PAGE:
When the Pennsylvania and Ohio Railroad reached Crestline, Ohio, Hanna led a subscription drive in Allen County to provide the capital to the newly formed Ohio and Indiana Railroad to bring the tracks to Fort Wayne. In 1852, Hanna and his friend Pliny Hoagland undertook the contract for the construction of the line to Fort Wayne, but soon thereafter the entire enterprise faced financial ruin. The president of the Pennsylvania and Ohio railroad resigned and Hanna was elected in his place; Hanna traveled from Fort Wayne to New York and Philadelphia to Boston and Quebec and Montreal for financing. By 1853 the work was begun again and in 1854 the rail line at last was completed to the Three Rivers, coming in on the south side of town.
The locomotive for this last leg was, ironically, brought in by a canal boat, unloaded at the foot of Lafayette Street and followed the track-laying where the main line came in near Baker Street (by the present-day remains of the old Pennsylvania Railroad Station). “The town was all a jubilee of feasts” with the completion of this central line that one day would be the central line of many that would “radiate from Fort Wayne like the spokes of a wheel.”
In the succeeding decade the challenge to Sam Hanna and his fellow promoters of Fort Wayne was to see the rail lines connected to Chicago. Already in 1852, while still dealing with the struggling Ohio and Indiana Railroad, Hanna and his colleagues formed the Fort Wayne and Chicago Railroad, with Hanna as its first president. Neither company had money, but Hanna, as president of each, continued to find resources, including the emerging power of the Pennsylvania Central Railroad. A solution was at last found for the ailing financial picture in the merger of the eastern and the western railroad enterprises. Despite considerable opposition to the consolidation, Hanna argued and won his case with the stockholders and executives. In August, 1856, the two nearly ruined organizations were united into one forming the Pittsburgh, Fort Wayne and Chicago Railroad, the ancestor of the great Pennsylvania Railroad. By 1858 the single line to Chicago was complete, and soon thereafter the north-south line from Cincinnati was completed to Fort Wayne.
The last great effort on Hanna’s part to enrich the community came just before the outbreak of the Civil War when he persuaded the directors of the Pittsburgh, Fort Wayne and Chicago Railroad to build their all-important repair and construction shops in Fort Wayne – the great Pennsy shops that for a century dominated the Fort Wayne industrial world.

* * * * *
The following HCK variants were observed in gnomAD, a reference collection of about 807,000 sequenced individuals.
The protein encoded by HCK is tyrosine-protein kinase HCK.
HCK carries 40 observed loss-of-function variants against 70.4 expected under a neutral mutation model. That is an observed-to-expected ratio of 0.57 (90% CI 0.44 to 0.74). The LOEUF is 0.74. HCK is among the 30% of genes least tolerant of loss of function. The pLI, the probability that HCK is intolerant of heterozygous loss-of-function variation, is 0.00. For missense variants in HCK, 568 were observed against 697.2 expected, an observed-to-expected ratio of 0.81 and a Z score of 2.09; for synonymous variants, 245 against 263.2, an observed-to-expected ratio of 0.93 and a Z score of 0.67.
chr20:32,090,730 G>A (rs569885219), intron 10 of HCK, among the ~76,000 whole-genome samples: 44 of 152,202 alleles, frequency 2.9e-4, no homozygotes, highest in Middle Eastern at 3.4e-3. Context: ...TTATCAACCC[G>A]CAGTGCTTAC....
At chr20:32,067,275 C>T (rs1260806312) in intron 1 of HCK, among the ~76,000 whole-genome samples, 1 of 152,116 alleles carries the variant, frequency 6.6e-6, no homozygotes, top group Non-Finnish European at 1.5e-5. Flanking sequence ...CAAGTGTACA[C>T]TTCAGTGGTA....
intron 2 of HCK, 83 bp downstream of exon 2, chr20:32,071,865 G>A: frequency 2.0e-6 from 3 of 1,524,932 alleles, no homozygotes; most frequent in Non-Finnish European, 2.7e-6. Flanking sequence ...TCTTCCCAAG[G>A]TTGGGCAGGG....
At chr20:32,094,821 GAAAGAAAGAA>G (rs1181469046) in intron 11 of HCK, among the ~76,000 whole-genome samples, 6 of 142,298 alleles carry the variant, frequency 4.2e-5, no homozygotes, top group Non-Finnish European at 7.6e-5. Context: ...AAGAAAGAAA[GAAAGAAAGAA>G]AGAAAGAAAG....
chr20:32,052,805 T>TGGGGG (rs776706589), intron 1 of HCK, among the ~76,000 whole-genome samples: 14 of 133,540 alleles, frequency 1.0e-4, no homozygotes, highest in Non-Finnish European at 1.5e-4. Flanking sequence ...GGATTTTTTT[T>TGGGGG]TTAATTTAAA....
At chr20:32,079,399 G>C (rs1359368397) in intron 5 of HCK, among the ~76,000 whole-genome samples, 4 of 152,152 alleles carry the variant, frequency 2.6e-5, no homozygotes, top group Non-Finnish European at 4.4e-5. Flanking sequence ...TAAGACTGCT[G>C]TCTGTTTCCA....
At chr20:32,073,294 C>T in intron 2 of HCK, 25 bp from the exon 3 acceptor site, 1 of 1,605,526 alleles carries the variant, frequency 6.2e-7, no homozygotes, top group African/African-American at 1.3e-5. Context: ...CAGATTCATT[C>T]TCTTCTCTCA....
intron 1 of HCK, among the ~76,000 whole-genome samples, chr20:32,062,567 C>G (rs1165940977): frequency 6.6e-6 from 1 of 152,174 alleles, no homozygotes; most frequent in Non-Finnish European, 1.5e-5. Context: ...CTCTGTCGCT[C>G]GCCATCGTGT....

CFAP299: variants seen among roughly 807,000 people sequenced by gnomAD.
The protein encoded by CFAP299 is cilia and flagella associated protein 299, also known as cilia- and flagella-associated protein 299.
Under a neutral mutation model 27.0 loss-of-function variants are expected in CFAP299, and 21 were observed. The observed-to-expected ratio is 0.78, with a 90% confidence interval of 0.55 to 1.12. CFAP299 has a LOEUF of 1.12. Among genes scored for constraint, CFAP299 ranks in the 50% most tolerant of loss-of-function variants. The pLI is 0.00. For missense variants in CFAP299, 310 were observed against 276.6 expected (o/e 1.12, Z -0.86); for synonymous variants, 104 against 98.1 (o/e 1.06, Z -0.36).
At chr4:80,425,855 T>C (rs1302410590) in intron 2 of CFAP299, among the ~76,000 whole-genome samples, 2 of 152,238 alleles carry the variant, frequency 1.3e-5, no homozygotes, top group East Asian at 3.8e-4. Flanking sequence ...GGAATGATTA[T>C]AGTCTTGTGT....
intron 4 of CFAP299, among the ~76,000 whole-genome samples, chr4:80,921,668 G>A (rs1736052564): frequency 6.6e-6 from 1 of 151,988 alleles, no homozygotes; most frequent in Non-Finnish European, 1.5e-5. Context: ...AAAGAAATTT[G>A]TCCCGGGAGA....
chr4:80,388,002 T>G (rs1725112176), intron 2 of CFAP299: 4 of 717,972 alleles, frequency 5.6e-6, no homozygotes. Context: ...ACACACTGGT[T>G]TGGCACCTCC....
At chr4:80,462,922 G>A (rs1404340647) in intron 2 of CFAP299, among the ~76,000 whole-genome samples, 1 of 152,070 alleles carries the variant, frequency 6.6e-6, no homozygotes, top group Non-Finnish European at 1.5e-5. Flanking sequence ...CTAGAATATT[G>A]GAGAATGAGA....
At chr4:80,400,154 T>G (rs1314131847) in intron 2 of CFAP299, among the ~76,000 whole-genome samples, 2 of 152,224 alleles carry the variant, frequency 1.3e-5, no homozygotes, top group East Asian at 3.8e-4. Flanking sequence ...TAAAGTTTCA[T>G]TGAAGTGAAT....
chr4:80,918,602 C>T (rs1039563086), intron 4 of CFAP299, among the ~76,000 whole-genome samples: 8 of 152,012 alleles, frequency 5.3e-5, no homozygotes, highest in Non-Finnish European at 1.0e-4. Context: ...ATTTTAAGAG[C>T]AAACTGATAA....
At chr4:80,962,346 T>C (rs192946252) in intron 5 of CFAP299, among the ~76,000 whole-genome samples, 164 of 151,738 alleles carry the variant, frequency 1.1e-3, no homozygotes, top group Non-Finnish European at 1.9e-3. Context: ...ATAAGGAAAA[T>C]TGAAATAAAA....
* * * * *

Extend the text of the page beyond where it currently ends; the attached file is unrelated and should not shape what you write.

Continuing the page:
Thus by the beginning of the Civil War, Sam Hanna had realized his dream of making Fort Wayne a safe and prosperous place for business. He had without a doubt the most important role of laying out the plank roads that began to conquer the swamps that surrounded Fort Wayne, exercised the leadership in creating the great Wabash and Erie Canal, served the local judicial system as a judge and the state legislative body as a committee chair, was one of the most influential persons behind the advent of the railroad to northern Indiana and was especially instrumental in making Fort Wayne the “Altoona of the West,” then a byword for industrial capacity and stability.
Samuel Hanna built his grand Greek Revival home at 1002 East Lewis Street in 1845. For many years this was the center of social life on the east side of Fort Wayne. Hanna died on June 11, 1866 and the city carried out a public funeral. As the bells in every church tolled, a procession two miles long accompanied his remains to Lindenwood Cemetery and all the principal buildings in Fort Wayne were draped in black. His daughter, Eliza, and her husband Fred Hayden, a judge and prominent businessman, lived in the mansion after their marriage in 1873. In 1938, it was bequeathed to the Fort Wayne Community Schools, which used it as a school for physically handicapped children until 1962 when the school corporation tore the building down. It was replaced by the Hanna Homestead Park.
You can find more information about Samuel Hanna at:
This article was originally published in: Fort Wayne Magazine, "Along the Heritage Trail with Tom Castaldi", November/December 20005, No. 17, pp 42-43. We thank Fort Wayne Magazine for the use of this material.